With Refugees in Need, Now Is Our Time to Act

January 31, 2017Rabbi Dr. Edwin C. Goldberg

“For you have known the heart of the stranger….” (Exodus 23:9)

The picture above shows my mother, Regina Ohringer, mostly hidden by the man in the white suit in the middle. On the right, you can see my Aunt Lottie. They were with their parents on the S.S. Flandre, a French ship that in May 1939, along with the German ship the St.Louis, was trying to bring its Jewish refugee passengers to freedom in Cuba.

When Cuba changed its mind, and would not let passengers disembark, the Flandre went to Miami Beach, but President Franklin D. Roosevelt instructed the U.S. Coast Guard to block the ship from docking. My mother and her family were forced to return to France, where a few weeks later, Nazis overran the country. Incredibly, a few kind Chicagoans eventually enabled my mother and her family to get to America in 1941.

Because of this personal history, I cannot stay silent when I see what is happening to legitimate refugees who are coming to America for the same reason my family – and maybe yours – arrived, so well captured by the Emma Lazarus poem “The New Colossus engraved upon the Statue of Liberty:

“Give me your tired, your poor,
Your huddled masses yearning to breathe free,
The wretched refuse of your teeming shore.
Send these, the homeless, tempest-tost to me,
I lift my lamp beside the golden door!”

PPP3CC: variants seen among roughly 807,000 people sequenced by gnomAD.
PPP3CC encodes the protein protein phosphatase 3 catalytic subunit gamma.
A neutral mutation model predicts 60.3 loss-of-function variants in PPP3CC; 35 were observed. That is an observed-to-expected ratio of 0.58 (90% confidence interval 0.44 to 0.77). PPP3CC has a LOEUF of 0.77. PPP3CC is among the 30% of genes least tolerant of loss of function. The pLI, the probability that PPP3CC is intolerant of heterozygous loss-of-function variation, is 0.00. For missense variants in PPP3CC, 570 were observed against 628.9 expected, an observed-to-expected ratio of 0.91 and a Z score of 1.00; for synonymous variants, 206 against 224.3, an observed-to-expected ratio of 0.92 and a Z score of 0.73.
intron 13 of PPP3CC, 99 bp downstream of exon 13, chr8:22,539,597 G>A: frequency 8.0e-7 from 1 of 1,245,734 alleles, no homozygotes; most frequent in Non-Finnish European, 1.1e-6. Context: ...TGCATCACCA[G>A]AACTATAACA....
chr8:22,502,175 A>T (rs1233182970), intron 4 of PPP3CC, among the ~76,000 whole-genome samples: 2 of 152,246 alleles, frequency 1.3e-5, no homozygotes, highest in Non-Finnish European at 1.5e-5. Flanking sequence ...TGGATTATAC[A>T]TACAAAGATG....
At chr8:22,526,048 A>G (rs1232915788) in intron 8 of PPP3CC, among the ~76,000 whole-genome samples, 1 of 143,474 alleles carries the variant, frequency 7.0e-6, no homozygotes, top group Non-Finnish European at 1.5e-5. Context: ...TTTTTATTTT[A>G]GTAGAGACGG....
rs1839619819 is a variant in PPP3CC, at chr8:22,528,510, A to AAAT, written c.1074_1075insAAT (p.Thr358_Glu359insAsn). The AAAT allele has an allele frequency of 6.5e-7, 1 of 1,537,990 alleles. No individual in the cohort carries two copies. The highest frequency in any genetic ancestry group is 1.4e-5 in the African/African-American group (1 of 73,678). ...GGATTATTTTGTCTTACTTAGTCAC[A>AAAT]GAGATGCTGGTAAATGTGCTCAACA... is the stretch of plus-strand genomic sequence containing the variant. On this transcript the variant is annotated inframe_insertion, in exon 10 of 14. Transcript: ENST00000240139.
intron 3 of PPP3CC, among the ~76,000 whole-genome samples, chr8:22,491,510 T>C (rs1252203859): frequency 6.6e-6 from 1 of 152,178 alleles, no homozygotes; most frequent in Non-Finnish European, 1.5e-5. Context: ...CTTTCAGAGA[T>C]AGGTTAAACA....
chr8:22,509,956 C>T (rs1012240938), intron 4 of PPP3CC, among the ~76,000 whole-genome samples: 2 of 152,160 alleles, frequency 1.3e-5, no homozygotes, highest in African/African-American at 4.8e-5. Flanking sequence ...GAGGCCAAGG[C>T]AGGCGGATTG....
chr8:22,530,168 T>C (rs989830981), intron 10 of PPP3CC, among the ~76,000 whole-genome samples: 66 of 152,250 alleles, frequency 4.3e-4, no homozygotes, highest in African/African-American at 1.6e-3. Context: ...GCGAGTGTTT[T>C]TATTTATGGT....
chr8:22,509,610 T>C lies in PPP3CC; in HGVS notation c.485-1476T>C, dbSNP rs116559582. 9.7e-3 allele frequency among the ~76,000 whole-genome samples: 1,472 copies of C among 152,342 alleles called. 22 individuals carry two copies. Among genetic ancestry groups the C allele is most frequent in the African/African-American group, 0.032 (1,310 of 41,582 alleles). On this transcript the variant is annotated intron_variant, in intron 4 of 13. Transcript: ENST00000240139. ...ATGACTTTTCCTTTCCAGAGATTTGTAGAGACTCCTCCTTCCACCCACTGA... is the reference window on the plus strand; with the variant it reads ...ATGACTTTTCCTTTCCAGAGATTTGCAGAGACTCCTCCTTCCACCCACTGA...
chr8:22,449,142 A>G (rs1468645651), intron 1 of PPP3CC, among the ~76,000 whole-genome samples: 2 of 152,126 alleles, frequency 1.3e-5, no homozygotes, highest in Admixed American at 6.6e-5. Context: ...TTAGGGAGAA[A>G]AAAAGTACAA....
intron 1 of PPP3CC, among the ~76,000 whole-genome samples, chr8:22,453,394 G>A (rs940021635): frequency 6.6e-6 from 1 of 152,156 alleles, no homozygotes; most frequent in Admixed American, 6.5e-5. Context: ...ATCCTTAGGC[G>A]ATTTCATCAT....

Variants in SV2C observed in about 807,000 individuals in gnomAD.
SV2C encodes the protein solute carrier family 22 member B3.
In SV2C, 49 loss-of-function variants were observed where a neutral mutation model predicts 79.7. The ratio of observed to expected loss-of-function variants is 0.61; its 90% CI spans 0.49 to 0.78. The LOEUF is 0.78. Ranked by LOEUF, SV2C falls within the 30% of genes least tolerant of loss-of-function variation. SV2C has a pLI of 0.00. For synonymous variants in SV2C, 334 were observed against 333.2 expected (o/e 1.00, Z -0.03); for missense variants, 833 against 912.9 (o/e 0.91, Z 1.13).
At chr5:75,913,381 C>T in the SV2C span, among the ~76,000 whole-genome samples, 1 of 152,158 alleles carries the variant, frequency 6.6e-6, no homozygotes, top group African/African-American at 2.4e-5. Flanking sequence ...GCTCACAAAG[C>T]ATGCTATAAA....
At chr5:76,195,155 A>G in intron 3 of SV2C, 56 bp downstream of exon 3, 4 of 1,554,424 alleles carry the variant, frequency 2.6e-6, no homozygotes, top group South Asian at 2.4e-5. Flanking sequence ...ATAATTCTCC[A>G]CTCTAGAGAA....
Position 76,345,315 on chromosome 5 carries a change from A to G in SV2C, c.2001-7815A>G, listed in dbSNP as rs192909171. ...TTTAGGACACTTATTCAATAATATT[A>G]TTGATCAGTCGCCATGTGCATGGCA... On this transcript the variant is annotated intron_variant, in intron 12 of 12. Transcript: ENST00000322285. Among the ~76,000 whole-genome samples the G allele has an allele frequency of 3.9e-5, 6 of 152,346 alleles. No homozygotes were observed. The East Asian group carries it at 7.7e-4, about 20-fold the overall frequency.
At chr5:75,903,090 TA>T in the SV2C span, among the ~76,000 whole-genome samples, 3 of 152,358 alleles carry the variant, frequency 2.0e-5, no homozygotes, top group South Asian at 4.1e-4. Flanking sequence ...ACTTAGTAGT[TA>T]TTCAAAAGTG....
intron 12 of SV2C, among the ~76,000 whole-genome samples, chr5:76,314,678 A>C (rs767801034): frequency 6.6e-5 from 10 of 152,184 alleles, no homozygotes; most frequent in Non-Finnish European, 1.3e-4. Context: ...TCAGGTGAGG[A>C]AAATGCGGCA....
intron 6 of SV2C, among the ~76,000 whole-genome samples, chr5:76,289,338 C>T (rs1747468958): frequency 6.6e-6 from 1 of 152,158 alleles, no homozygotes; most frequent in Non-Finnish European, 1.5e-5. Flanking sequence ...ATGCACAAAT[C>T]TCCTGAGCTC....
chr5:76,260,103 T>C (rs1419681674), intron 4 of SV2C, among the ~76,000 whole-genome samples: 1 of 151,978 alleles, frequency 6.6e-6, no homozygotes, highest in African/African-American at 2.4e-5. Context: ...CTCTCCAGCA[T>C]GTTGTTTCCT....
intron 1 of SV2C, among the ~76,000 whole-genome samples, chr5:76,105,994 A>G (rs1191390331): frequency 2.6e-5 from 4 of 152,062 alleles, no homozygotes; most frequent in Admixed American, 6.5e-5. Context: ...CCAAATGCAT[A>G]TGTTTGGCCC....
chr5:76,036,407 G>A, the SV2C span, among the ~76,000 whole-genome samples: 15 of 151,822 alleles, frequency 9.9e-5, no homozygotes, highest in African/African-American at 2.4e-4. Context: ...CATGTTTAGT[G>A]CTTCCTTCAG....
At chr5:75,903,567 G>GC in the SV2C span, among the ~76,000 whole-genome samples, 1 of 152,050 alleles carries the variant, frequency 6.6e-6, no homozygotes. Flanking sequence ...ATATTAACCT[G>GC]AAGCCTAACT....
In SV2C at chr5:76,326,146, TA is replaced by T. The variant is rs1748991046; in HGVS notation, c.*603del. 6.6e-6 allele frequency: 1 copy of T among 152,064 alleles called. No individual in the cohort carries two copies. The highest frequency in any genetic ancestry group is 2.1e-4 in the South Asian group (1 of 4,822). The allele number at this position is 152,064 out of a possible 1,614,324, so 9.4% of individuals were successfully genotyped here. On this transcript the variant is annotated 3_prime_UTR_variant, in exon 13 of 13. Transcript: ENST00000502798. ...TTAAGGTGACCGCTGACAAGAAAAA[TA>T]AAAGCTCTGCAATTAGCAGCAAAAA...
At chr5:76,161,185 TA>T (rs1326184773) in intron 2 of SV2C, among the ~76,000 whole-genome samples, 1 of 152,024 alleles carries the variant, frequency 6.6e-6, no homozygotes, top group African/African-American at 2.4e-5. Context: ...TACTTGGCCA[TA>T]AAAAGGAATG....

If we stop being a country that welcomes the poor, tired, and frightened, then we are no longer serving our famous mission, which President Ronald Reagan once called the “shining city upon a hill.” Obviously, we are required to protect ourselves from terror – but think of the countless Jewish refugees who were not allowed into America during the Holocaust because they might be Nazi spies. Think of the cruel American-Japanese internment camps. Have we, as a country, not matured in 70 years?

When, in the 1970s, my mother was well- established in this country, she began taking my twin brother and me along with her to furnish the homes of Russian Jews who were fleeing the U.S.S.R. and being welcomed in the U.S. I know that, in her own way, she was trying to give back for the gift of being welcomed in this country herself.

I hope all of us feel a debt to help others, just as we or our ancestors were helped.

My congregation, Temple Sholom of Chicago, had planned to welcome a refugee family this spring. Our “Sholom Justice” group will continue to do whatever it can to keep us ready for the time when we can enact our plan. In the meantime, please consider adding your voice to mine and to the countless others who refuse to allow our country to sink into cruel xenophobia.

You can start by visiting HIAS, an organization that specializes in refugee concerns. There, you will find ways to make your voice heard and an avenue to donate funds for resettlement.

You can also visit the Religious Action Center of Reform Judaism’s immigration page, where you’ll find resources for urging your members of Congress to support immigration reform and learning about how to provide sanctuary for immigrants facing deportation.

To be a Jew is to know that we are never permitted to sit in comfort when the stranger cries out to us. Now is our time to act.

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